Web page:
5 tips for visiting historic Philadelphia

When visiting Historic Philadelphia, most visitors plan their trip around The Liberty Bell and Independence Hall and then reach out on Facebook or through email, looking for must-see spots in Philadelphia. We take our kids to Philly a few times a year (we live in the suburbs) and I’ve lived here nearly all my life. I’m also an educator and was a 4th grade teacher (we study PA history in 4th grade.)

Map courtesy of ushistory.org

Map courtesy of ushistory.org

I’ve seen many local suggest skipping the Betsy Ross house, but I have to argue. It’s a quick walk and there’s so much to learn about the period by walking through. It’s a favorite stop for our family, not so much because it’s about Betsy as it is about the period. Visitors are guided through a (mostly) unchanged home from the 1700s. Inside are fascinating artifacts and interactive activities, including a chance to meet “Betsy” and learn of the experiences of women in the late 18th century. I always remember to point out how the foundation of homes has changed — the rooms were much smaller, as were the doorways and the stairways were tighter. This fascinates children.

The Betsy Ross House in Philadelphia has incredible artifacts and is an interactive place to visit in historical Philadelphia. Check out this list for more ideas

Photo courtesy Daily Vacationer

Later, take a walk down Elfreth’s Alley. Not only will you experience an untouched neighborhood with a cobblestone, undrivable (too narrow) street and buildings still baring names and signs of the 1y00s, but you’ll find $5 Souvenier t-shirts and a wonderful coffee and ice cream shop when you need a break.

If your kids are about 10+, do not miss the Freedom Rising show at the Constitution Center — it’s a multimedia theatrical performance. It’s a phenomenal, educational production, covering a look at our nation’s historic fight for Freedom from before the Revolution through the Civil War, voting and equality movements to our current struggles.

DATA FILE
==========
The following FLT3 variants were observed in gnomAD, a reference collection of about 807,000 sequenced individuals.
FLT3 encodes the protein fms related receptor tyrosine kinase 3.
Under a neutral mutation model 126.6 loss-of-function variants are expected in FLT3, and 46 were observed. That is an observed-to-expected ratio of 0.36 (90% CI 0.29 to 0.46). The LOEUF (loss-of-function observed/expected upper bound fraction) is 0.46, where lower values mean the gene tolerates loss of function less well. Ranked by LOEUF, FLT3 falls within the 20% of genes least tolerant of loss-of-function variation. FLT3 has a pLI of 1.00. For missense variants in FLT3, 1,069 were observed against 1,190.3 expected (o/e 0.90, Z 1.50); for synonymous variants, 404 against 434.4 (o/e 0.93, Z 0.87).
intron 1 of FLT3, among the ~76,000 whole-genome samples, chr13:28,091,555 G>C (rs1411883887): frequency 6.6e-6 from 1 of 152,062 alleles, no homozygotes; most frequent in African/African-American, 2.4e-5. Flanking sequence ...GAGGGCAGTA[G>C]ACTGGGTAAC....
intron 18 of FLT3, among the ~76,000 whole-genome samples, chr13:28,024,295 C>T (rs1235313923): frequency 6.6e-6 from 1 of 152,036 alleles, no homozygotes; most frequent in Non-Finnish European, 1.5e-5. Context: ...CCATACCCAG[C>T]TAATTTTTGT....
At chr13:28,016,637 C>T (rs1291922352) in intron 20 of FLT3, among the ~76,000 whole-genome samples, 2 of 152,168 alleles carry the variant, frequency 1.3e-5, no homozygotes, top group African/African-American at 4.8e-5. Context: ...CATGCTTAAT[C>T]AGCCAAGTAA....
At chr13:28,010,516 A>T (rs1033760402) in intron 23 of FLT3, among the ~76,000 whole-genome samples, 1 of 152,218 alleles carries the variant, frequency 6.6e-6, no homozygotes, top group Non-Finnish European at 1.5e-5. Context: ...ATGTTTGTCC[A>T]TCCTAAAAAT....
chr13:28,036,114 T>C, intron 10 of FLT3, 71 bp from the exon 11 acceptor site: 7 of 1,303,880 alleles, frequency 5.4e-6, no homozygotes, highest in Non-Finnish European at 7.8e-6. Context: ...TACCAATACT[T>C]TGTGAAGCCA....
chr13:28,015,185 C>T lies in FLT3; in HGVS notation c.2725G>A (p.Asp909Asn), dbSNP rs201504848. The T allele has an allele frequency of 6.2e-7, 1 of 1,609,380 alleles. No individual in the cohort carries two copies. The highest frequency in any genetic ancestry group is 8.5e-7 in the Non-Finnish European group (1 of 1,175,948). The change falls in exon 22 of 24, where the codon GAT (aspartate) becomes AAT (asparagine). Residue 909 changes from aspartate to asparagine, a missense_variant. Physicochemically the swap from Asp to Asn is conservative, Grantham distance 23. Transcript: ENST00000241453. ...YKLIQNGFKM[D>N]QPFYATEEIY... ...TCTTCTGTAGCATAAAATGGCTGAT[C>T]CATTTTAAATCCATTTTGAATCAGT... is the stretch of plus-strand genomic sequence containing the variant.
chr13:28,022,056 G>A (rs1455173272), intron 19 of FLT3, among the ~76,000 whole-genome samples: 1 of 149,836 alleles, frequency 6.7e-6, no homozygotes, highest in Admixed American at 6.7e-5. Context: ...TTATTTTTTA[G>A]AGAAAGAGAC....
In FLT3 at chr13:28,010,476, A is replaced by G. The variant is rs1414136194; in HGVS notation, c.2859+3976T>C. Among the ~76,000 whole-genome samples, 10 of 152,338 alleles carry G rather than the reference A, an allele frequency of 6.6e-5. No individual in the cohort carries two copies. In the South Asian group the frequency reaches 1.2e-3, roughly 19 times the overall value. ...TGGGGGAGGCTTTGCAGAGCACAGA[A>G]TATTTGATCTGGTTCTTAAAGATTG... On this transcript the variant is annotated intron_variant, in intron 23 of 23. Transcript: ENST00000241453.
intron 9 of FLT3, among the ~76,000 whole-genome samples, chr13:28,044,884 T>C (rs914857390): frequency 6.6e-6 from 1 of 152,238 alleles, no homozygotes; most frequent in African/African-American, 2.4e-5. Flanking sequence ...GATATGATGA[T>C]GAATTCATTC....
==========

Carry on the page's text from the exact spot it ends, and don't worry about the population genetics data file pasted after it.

Elfreths Alley in Historic Philadelphia has is nearly untouched from the 1700s. Take a stroll and explore. Check out this list for more ideas

Photo courtesy Scenes from Philadelphia

Hungry for lunch? We like to walk about 2 blocks away from the Historical Park to and enjoy a true Philly Cheesesteak from Sonny’s in Old City. Old City is a hotspot for nightlight, but the restaurants and shops are just as fun in the day time, and you can find every type of food you’d like. (The Continental has an excellent brunch.) If you’d like to remain around Indpendence Mall and the weather is nice, take your food back to picnic on the yard in front of Independence Hall. You can also grab lunch from the food court at the Bourse and eat it inside or outside. (Keep in mind, if you’re bringing food for a picnic from home, most historic buildings have rules against bringing in food and drink, so keep them sealed in a carrier, or store them in your car until lunch time. The Bourse has typical food-court options, and you can always grab snacks from the many food trucks throughout town, or from the small to-go spot in the Visitor’s Center.

Benjamin Franklin's House in Philadelphia is one of the hidden gems in a visit to historical Philadelphia. Check out this list for more ideas

Photo courtesy of Daily Vacationer

If you have a little extra time, check out the Ben Franklin House. Visitors can walk over archives of the actual house and see things like the kitchen and the toilet area. In that same block you’ll walk through the country’s first Post Office (still in operation). (I recommend skipping the underground museum. Sadly, it hasn’t been updated in years and just doesn’t hold the interest of the kids.)

Our kids also love visiting the Fireman’s Museum and I was surprisingly fascinated when we recently visited Christ Church.

When visiting Historic Philadelphia, there are so many opportunities beyond the Liberty Bell. Read to find out where you should take your family

mom of 3 and wife living in the Philadelphia suburbs, Julie is a former elementary school teacher and a Public Relations manager. She is the owner/editor of Julieverse, a merchandiser with Chloe + Isabel (jewelryverse.com) and founder VlogMom and Splash Creative Media. A marketing strategist and freelance education and parenting writer by trade, Julie attempts to carve out time to enjoy playing with her kids, PTO, cooking and exercise.

© 2015, Julie Meyers Pron. All rights reserved.

Comments

  1. says

    When our boys are a little older I really want to take a history tour from NC to NYC. I love all of these details and learning about our history. Great tips!

    • says

      there is such much to do in the 6 hour corridor from DC to NYC (and, actually, you can make the trip a little longer and keep driving to Boston!) Oh! And you could start in Williamsburg. It could be a 2-week history trip. 3 weeks and there’s your October vacation!

  2. Sarah says

    I am a big history geek and I LOVE, LOVE, LOVE that we have so many amazing and important places so close to home. I agree that the Betsy Ross house is a great stop for kids. Christ Church is also pretty cool. You can sit in the pew that Washington sat in when he attended services. Then while you are there, you might as well walk a little more and stop at Franklin Fountain for ice cream – you know because it’s a historic building too. Ha!

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